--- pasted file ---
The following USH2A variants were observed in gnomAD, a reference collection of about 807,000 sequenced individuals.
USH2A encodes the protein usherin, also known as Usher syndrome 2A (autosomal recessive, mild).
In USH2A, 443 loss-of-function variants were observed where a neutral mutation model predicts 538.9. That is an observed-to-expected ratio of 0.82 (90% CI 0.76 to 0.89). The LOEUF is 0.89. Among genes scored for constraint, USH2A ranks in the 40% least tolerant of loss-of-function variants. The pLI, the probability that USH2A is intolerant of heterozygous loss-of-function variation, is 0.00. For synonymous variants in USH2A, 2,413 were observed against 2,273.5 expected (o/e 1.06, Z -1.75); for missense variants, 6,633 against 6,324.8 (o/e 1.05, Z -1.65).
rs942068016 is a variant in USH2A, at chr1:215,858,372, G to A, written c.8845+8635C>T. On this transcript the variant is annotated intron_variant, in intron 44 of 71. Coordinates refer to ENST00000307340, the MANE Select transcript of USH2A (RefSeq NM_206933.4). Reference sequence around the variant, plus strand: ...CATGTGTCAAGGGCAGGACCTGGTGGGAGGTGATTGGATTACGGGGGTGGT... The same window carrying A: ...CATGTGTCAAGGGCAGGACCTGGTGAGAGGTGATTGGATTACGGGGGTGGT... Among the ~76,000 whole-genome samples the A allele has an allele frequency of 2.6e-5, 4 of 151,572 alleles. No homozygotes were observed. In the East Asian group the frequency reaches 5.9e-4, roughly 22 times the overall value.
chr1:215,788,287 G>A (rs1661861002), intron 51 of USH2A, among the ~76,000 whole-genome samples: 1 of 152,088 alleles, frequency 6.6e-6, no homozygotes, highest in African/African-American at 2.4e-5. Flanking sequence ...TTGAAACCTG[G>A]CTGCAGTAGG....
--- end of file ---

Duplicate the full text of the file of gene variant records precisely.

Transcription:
The following USH2A variants were observed in gnomAD, a reference collection of about 807,000 sequenced individuals.
USH2A encodes the protein usherin, also known as Usher syndrome 2A (autosomal recessive, mild).
In USH2A, 443 loss-of-function variants were observed where a neutral mutation model predicts 538.9. That is an observed-to-expected ratio of 0.82 (90% CI 0.76 to 0.89). The LOEUF is 0.89. Among genes scored for constraint, USH2A ranks in the 40% least tolerant of loss-of-function variants. The pLI, the probability that USH2A is intolerant of heterozygous loss-of-function variation, is 0.00. For synonymous variants in USH2A, 2,413 were observed against 2,273.5 expected (o/e 1.06, Z -1.75); for missense variants, 6,633 against 6,324.8 (o/e 1.05, Z -1.65).
rs942068016 is a variant in USH2A, at chr1:215,858,372, G to A, written c.8845+8635C>T. On this transcript the variant is annotated intron_variant, in intron 44 of 71. Coordinates refer to ENST00000307340, the MANE Select transcript of USH2A (RefSeq NM_206933.4). Reference sequence around the variant, plus strand: ...CATGTGTCAAGGGCAGGACCTGGTGGGAGGTGATTGGATTACGGGGGTGGT... The same window carrying A: ...CATGTGTCAAGGGCAGGACCTGGTGAGAGGTGATTGGATTACGGGGGTGGT... Among the ~76,000 whole-genome samples the A allele has an allele frequency of 2.6e-5, 4 of 151,572 alleles. No homozygotes were observed. In the East Asian group the frequency reaches 5.9e-4, roughly 22 times the overall value.
chr1:215,788,287 G>A (rs1661861002), intron 51 of USH2A, among the ~76,000 whole-genome samples: 1 of 152,088 alleles, frequency 6.6e-6, no homozygotes, highest in African/African-American at 2.4e-5. Flanking sequence ...TTGAAACCTG[G>A]CTGCAGTAGG....